What are model building codes?
Model building codes represent the consensus of engineers and construction experts on what are the standards necessary to protect people and property from natural disasters and extreme weather conditions. The standards, which have been developed by the International Code Council, are a proven way to mitigate the devastation of natural disasters.
How effective are strong building codes?
Study after study confirms that model building codes are the nation’s best defense against hurricanes, tornadoes, earthquakes, flooding and other natural disasters. Research by Louisiana State University’s Hurricane Center found that strong building codes would have reduced wind damage from Katrina by 80 percent, saving $8 billion.
New research is currently being conducted by the Insurance Institute for Business and Home Safety at a state-of-the art lab in South Carolina that further illustrates the important role that model building codes can play in reducing the costs of natural disasters. The facility has been running simulated tests that show how adherence to strong building codes can help test homes withstand 110 mile-per-hour winds with little or no damage, while test homes with the same floor plan that were not built to model codes were completely destroyed.
Does The Safe Building Code Incentive Act mandate model building codes?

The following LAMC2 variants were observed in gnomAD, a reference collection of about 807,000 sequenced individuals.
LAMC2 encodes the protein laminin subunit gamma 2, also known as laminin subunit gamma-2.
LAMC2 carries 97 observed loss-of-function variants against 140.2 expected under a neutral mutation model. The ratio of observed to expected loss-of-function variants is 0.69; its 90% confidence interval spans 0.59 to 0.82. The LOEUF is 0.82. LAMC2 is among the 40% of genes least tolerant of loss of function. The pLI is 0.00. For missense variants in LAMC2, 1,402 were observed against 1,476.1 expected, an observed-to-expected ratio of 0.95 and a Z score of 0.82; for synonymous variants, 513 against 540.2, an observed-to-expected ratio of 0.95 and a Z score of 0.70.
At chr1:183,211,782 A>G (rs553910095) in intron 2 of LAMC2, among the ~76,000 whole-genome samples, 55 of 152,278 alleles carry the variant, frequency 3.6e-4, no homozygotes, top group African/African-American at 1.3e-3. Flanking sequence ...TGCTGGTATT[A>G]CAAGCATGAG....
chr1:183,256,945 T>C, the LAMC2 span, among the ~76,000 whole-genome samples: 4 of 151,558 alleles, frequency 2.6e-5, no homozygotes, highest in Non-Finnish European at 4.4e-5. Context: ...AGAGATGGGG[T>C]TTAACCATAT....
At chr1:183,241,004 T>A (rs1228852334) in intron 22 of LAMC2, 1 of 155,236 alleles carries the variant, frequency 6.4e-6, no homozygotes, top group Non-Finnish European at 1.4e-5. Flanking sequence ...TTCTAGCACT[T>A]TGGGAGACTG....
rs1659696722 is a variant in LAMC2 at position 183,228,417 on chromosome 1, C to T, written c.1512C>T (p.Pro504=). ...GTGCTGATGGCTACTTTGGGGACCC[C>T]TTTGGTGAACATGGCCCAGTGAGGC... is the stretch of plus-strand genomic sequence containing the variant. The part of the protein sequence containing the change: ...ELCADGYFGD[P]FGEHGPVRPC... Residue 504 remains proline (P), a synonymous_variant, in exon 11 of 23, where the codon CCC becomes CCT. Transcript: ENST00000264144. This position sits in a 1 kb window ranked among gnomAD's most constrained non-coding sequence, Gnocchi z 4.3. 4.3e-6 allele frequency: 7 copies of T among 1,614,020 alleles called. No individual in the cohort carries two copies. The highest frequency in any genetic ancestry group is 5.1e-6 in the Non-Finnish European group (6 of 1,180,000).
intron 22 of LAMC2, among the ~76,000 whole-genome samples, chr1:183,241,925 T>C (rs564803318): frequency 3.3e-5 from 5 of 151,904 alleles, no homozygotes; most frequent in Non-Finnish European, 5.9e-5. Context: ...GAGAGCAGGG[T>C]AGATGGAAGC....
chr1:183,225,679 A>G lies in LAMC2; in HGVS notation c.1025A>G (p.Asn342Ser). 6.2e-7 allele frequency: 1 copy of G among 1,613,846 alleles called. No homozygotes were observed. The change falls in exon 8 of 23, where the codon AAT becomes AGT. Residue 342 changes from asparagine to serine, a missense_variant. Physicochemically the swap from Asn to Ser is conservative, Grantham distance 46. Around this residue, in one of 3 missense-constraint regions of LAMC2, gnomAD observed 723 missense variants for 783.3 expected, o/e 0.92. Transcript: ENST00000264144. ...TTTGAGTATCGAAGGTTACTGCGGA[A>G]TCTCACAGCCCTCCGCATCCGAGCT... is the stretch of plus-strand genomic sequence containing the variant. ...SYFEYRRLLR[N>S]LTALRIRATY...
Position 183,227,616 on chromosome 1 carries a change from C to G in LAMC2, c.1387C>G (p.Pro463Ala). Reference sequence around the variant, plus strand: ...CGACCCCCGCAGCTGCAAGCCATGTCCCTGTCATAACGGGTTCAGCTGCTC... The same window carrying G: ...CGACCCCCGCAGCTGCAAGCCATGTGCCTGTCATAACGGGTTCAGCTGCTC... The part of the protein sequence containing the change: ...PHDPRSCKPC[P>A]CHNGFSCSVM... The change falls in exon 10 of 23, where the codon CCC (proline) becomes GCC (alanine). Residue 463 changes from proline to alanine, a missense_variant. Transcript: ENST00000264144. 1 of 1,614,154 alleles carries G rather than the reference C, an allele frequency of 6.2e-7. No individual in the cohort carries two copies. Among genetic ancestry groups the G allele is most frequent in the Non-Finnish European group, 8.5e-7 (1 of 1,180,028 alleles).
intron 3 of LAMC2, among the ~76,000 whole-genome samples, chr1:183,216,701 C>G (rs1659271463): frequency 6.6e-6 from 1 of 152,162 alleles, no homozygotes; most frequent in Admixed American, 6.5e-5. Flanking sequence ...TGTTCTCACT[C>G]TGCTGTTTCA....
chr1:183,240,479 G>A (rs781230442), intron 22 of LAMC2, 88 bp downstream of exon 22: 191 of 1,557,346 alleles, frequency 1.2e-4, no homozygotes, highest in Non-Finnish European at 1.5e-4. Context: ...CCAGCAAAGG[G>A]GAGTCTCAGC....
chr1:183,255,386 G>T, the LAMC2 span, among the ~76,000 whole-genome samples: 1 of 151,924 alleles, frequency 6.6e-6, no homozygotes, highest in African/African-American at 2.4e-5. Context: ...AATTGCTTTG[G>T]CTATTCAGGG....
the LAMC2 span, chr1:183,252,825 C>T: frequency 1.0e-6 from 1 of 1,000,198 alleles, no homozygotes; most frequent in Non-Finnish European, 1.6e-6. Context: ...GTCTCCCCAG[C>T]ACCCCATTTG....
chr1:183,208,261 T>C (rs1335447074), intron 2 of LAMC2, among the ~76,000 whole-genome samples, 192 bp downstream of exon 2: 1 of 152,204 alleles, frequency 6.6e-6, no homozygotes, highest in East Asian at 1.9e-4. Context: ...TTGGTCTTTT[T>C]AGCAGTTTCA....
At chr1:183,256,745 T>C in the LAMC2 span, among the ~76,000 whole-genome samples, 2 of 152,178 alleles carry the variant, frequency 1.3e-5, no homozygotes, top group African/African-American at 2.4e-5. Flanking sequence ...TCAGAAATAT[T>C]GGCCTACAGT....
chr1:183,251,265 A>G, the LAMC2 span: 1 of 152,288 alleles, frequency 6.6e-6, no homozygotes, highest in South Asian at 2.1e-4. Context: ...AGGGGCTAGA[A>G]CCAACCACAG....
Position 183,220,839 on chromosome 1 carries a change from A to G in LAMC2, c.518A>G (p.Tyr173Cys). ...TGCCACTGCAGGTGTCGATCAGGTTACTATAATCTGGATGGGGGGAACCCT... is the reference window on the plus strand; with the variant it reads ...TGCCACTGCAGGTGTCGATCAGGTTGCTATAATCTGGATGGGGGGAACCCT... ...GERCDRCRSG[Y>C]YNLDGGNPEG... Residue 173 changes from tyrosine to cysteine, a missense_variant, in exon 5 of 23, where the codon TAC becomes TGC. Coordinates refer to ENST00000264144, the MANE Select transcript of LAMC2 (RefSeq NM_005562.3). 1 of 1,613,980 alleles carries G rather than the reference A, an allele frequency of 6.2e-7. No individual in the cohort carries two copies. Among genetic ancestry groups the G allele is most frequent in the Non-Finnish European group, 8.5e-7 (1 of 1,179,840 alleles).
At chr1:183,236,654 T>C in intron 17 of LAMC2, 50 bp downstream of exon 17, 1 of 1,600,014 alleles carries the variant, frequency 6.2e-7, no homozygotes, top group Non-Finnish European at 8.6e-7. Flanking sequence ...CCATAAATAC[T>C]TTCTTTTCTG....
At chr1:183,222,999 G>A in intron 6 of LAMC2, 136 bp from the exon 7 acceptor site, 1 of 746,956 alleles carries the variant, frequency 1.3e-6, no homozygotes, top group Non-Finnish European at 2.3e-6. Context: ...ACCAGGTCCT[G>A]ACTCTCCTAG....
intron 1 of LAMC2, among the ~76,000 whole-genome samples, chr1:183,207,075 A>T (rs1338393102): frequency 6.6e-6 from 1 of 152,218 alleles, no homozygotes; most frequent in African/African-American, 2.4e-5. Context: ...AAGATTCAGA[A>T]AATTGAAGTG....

No, the legislation does not include a mandate. It simply provides a strong financial incentive for states to adopt strong codes that have been proven to save lives, protect property and reduce taxpayer exposure to natural disasters. Introduced by Congressmen Diaz-Balart (R-FL), Sires (D-NJ) and Hanna (R-NY), H.R. 2069 provides an additional four percent of post-disaster grants to states that voluntarily adopt model building codes and institute the inspection and enforcement mechanisms to give their codes teeth.
How many states would currently qualify for the additional funding?
Today, 33 states and the District of Columbia have adopted statewide building codes and could be determined eligible for additional disaster relief by FEMA upon enactment of the Safe Building Code Incentive Act. Those States are California, New Jersey, New Mexico, Florida, South Carolina, Louisiana, Utah, Maryland, Virginia, Michigan, Washington, Connecticut, North Carolina, Indiana, Massachusetts, New York, Rhode Island, Oklahoma, Wisconsin, Oregon, Alabama, Tennessee, Arkansas, New Hampshire, Georgia, Ohio, Hawaii, Pennsylvania, Kentucky, Vermont, Maine, West Virginia, and Minnesota.
How much will The Safe Building Code Incentive Act cost taxpayers?
The legislation will not require an additional appropriation to FEMA. The law can be administered by reallocating the manner in which funding inside the Disaster Relief Fund is awarded. Moreover, it is important to note that encouraging the adoption of strong building codes will actually reduce taxpayer exposure to natural disasters over the long run.
According to a FEMA commissioned study, every $1 invested in mitigation activities – like encouraging the adoption of strong building codes – provides $4 in additional benefits to the nation.
In a landmark study conducted in the aftermath of Hurricane Charley in Florida, researchers found that damage to homes built to model codes was on average $14 per square foot. The damage to homes that weren’t built to the higher standards was $24 per square foot or nearly double.